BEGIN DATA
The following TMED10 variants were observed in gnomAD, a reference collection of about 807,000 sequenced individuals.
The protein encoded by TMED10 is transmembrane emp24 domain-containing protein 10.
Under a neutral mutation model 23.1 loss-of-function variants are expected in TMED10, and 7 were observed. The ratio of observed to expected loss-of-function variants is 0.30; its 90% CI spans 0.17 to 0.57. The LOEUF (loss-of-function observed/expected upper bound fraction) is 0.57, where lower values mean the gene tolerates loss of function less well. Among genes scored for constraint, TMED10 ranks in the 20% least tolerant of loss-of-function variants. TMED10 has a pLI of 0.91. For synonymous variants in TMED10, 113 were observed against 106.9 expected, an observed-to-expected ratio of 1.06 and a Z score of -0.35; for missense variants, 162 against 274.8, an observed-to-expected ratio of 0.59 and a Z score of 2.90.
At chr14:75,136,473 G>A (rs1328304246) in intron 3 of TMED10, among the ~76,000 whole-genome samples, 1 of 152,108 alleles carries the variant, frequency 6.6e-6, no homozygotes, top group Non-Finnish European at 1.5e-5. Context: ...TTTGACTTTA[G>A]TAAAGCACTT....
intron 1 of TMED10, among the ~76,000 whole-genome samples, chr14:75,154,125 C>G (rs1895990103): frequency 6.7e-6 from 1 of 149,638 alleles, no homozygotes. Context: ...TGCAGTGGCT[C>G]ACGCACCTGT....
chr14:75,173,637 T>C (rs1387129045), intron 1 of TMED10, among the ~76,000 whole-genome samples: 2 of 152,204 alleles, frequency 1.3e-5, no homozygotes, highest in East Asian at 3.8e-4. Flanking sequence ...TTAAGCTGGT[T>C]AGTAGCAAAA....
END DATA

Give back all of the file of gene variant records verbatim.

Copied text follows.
The following TMED10 variants were observed in gnomAD, a reference collection of about 807,000 sequenced individuals.
The protein encoded by TMED10 is transmembrane emp24 domain-containing protein 10.
Under a neutral mutation model 23.1 loss-of-function variants are expected in TMED10, and 7 were observed. The ratio of observed to expected loss-of-function variants is 0.30; its 90% CI spans 0.17 to 0.57. The LOEUF (loss-of-function observed/expected upper bound fraction) is 0.57, where lower values mean the gene tolerates loss of function less well. Among genes scored for constraint, TMED10 ranks in the 20% least tolerant of loss-of-function variants. TMED10 has a pLI of 0.91. For synonymous variants in TMED10, 113 were observed against 106.9 expected, an observed-to-expected ratio of 1.06 and a Z score of -0.35; for missense variants, 162 against 274.8, an observed-to-expected ratio of 0.59 and a Z score of 2.90.
At chr14:75,136,473 G>A (rs1328304246) in intron 3 of TMED10, among the ~76,000 whole-genome samples, 1 of 152,108 alleles carries the variant, frequency 6.6e-6, no homozygotes, top group Non-Finnish European at 1.5e-5. Context: ...TTTGACTTTA[G>A]TAAAGCACTT....
intron 1 of TMED10, among the ~76,000 whole-genome samples, chr14:75,154,125 C>G (rs1895990103): frequency 6.7e-6 from 1 of 149,638 alleles, no homozygotes. Context: ...TGCAGTGGCT[C>G]ACGCACCTGT....
chr14:75,173,637 T>C (rs1387129045), intron 1 of TMED10, among the ~76,000 whole-genome samples: 2 of 152,204 alleles, frequency 1.3e-5, no homozygotes, highest in East Asian at 3.8e-4. Flanking sequence ...TTAAGCTGGT[T>C]AGTAGCAAAA....